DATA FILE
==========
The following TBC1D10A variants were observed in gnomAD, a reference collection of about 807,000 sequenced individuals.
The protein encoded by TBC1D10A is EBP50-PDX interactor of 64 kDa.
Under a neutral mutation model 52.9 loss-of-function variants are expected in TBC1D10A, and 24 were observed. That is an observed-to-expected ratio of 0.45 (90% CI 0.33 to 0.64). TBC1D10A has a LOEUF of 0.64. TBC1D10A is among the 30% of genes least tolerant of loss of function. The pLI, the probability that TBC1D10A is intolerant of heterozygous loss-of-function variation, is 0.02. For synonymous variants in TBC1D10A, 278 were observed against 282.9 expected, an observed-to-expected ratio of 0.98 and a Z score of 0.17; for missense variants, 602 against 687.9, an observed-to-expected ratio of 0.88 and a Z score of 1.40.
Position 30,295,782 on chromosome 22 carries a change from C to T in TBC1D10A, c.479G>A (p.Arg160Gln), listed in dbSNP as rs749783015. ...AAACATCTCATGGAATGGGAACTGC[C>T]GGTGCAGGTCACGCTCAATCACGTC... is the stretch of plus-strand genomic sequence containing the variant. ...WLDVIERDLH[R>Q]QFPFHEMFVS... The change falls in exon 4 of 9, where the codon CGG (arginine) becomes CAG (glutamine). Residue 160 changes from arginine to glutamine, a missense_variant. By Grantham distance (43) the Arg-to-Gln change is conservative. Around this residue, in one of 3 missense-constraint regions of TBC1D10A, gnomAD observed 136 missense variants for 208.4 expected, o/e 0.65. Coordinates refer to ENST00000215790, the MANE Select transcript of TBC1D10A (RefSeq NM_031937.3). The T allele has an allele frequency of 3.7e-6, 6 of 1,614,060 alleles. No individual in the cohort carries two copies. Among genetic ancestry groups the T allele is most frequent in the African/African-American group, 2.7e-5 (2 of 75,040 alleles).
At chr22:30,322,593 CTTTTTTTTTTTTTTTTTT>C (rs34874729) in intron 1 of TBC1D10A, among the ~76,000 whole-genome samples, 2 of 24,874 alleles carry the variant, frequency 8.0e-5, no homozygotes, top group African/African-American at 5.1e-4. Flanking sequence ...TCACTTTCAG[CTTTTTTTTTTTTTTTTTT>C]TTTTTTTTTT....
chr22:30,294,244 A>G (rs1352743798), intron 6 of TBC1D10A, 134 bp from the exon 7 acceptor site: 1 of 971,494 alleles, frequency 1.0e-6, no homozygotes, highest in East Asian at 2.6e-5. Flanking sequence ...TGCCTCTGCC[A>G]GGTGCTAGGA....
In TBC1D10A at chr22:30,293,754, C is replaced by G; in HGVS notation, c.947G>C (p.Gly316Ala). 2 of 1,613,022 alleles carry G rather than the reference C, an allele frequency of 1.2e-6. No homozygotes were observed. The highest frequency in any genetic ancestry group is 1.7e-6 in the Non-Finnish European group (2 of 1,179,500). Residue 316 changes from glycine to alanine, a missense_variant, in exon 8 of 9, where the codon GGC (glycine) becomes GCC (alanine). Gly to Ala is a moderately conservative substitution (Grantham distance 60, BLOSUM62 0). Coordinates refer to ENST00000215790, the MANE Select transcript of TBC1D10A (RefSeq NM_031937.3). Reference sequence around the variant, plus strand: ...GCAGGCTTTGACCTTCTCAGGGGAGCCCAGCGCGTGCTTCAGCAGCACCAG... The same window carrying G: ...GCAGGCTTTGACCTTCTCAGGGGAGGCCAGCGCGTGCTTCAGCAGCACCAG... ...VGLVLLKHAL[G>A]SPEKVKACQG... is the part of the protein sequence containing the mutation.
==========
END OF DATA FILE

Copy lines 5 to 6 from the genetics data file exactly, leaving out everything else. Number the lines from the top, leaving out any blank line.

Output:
At chr22:30,322,593 CTTTTTTTTTTTTTTTTTT>C (rs34874729) in intron 1 of TBC1D10A, among the ~76,000 whole-genome samples, 2 of 24,874 alleles carry the variant, frequency 8.0e-5, no homozygotes, top group African/African-American at 5.1e-4. Flanking sequence ...TCACTTTCAG[CTTTTTTTTTTTTTTTTTT>C]TTTTTTTTTT....
chr22:30,294,244 A>G (rs1352743798), intron 6 of TBC1D10A, 134 bp from the exon 7 acceptor site: 1 of 971,494 alleles, frequency 1.0e-6, no homozygotes, highest in East Asian at 2.6e-5. Flanking sequence ...TGCCTCTGCC[A>G]GGTGCTAGGA....